What does it mean to be intentional?  I need practical things.  I am too abstract for my own good, so let me try to be specific.  I am going to try to only do one thing at a time.  It sounds simple enough, but think about how often you actually do it.  Our society’s values of being entertained and being productive often lead to the pressure to multi-task. Why stop at killing two birds with one stone when you can kill a whole flock of birds with a grenade?  There is a time and a place for multi-tasking.  But right now, as I evaluate the distractions in my life, I realize I have put too much emphasis on this term and used it as an excuse not to be intentional.  So I am going to try to go the other extreme for a little while.  Multi-tasking is now my enemy because it leads to distraction and distances me from my passions and visions. My hope is that if I can focus on being intentional (abstract) and only doing one thing at a time (practical), I will be more prepared to combat the temptations of technological distractions and stay on task.  What keeps you from just doing one thing at a time?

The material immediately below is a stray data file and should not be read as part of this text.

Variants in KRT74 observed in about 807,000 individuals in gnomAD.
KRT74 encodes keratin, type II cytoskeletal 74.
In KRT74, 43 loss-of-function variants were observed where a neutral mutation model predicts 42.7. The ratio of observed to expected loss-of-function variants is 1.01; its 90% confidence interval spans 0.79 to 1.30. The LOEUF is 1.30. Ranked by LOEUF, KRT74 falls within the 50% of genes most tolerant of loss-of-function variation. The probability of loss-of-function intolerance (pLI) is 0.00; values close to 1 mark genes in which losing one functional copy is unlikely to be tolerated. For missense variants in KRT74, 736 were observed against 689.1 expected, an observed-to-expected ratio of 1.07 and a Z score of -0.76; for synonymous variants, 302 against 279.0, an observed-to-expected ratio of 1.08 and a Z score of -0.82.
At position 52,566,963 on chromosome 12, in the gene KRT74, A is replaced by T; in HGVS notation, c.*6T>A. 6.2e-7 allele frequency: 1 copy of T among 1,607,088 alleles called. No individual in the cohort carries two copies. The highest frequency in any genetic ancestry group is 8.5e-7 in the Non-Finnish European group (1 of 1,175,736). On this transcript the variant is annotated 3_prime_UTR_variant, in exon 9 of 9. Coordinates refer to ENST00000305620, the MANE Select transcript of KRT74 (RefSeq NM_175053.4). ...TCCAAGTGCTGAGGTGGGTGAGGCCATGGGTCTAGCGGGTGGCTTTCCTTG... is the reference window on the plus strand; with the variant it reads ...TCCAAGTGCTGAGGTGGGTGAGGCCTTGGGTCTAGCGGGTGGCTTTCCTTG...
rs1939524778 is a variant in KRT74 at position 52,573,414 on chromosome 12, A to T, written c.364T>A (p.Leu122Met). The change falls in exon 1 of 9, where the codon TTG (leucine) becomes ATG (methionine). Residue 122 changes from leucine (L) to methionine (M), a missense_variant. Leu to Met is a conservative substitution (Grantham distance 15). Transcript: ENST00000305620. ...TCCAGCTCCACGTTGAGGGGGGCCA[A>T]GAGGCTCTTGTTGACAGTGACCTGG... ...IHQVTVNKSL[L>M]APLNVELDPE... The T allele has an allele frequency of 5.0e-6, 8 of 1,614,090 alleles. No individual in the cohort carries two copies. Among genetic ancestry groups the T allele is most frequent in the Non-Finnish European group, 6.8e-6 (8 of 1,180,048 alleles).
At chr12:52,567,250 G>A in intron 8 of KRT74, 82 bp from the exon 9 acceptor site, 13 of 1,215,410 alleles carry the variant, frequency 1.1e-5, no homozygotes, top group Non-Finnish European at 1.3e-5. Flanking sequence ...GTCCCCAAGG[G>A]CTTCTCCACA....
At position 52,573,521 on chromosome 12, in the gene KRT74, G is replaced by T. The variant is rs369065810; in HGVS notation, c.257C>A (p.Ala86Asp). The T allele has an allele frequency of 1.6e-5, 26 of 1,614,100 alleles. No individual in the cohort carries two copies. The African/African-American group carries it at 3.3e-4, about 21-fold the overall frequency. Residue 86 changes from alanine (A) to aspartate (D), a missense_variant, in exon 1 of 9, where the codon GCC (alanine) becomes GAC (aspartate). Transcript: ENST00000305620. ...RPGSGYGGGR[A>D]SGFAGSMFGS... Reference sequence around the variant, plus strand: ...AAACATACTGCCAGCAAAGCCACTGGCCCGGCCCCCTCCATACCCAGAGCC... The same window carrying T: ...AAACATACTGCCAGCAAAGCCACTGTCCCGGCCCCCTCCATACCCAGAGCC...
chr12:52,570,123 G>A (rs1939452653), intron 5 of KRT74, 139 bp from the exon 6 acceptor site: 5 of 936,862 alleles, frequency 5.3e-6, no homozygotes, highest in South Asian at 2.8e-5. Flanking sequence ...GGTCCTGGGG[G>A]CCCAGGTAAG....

To help me minimize relational distractions, I have two phrases I want to tattoo on my hands- be present (abstract) and minimize background noise (practical).  This may mean turning off the television when I am trying to connect with an actual human or  when I have work to do (I am the queen of doing work on the couch with the tv on), but it can be other things for me, too.  If I am in a room full of people and a friend is trying to have a conversation with me, I often get distracted by the stories and interactions of others, keeping one ear up and one ear in the conversation.  I may need to ask that friend to sit down with me away from the crowd.  Minimizing background noise may also mean turning of the music in the car occasionally if I need to spend some time with my own thoughts.  What are some ways you have trouble with background noise and being present?